4. Energy and time saving tips

Routines. The transition from the time baby came home from hospital to the time I was on my own took place within a span of almost 2 months. During this period, I got my kids to settle into routines that had staggered feeding times and came up with a detailed timetable of each child’s daily routines and my cooking/ household chores. This meant I had time to plan ahead and minimize situations when I felt like I desperately need a clone. Having routines and some planning helped a lot when I was in a sleep deprived state because what I needed to do next was written down. Such planning is also helpful as the baby’s routine changes to accommodate dropping of milk feeds and starting solids. Some may ask “But isn’t baby’s feeding and sleeping patterns unpredictable in the beginning? How to predict when he will be hungry and when he’s sleepy enough to nap/sleep?” That is when the advice “It doesn’t hurt to let babies cry” comes in handy. I put the baby on a 2.5 hourly (instead of 3 hourly) routine after I had the breastfeeding issues sorted out to ensure that he was fed often enough.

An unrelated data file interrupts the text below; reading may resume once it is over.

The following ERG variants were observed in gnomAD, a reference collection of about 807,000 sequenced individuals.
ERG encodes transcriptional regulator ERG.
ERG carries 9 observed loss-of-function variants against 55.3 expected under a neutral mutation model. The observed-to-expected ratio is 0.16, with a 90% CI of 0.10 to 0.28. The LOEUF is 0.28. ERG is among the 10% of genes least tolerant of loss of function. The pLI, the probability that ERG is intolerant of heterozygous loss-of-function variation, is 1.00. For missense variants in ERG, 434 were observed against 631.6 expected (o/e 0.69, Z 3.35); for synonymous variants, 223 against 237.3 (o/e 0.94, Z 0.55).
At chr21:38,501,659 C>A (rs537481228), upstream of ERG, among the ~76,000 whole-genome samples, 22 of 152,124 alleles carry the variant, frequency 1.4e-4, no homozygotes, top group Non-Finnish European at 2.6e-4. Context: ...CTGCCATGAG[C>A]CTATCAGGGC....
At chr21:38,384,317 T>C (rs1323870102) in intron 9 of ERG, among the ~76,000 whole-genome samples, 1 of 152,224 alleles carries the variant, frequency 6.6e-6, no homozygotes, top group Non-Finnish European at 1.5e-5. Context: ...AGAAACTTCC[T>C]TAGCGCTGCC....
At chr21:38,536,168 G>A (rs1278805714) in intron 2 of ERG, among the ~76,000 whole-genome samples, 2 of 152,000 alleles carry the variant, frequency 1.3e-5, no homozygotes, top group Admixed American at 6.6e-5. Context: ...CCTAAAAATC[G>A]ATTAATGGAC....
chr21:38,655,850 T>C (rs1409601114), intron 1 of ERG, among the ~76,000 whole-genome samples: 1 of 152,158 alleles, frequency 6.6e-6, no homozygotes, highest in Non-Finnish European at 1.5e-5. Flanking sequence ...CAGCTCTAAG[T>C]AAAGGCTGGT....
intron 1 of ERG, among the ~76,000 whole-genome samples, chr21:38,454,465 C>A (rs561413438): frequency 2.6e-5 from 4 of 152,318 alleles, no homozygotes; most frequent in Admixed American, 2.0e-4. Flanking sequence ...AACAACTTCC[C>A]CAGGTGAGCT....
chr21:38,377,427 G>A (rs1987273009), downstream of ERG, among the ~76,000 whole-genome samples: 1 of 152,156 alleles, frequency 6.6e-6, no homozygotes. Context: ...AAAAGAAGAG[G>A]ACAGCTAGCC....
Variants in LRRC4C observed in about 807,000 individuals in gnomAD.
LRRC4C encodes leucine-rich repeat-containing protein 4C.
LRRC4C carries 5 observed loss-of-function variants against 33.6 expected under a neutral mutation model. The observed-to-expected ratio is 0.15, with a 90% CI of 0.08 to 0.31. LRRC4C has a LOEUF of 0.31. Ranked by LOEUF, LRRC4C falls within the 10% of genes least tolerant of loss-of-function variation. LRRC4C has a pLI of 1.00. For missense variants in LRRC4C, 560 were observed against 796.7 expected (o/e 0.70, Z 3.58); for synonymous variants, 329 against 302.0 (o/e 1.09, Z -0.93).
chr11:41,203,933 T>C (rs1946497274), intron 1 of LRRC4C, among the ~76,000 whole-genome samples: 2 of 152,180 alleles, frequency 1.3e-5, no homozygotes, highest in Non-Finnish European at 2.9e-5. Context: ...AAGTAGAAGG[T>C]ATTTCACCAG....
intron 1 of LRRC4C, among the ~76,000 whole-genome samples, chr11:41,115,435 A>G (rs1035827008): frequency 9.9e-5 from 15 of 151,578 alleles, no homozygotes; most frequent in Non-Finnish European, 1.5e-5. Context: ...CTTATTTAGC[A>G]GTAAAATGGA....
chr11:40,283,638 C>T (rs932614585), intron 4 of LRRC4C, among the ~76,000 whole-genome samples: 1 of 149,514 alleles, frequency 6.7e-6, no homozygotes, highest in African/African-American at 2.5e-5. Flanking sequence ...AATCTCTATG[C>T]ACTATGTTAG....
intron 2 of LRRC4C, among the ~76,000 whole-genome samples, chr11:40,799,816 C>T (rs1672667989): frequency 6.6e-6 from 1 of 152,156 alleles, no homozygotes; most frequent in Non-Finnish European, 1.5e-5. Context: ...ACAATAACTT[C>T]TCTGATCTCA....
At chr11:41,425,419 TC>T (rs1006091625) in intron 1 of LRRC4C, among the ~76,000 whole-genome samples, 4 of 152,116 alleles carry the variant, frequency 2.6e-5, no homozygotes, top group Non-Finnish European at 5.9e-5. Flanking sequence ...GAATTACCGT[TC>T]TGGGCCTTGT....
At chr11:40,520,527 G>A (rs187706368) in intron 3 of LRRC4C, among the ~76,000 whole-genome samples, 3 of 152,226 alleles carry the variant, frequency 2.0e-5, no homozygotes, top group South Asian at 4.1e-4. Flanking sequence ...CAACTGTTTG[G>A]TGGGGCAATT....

Sleep training. Sleep training involves teaching babies how to fall asleep on their own when left in the crib. Although the baby was not ready to sleep through the night without a feed, I started sleep training him the moment he came home from hospital. It meant that although he still had to wake up for night feeds by the time my mother-in-law left, he could fall back to sleep on his own after being fed. Just as routines are critical in helping me to cope with taking care of the little ones, sleep training was crucial too although the process of training can be hellish (for myself and the baby). Getting kids to sleep through the night and fall asleep on their own as soon as possible gives mummy a lot more time and energy on her hands for other things.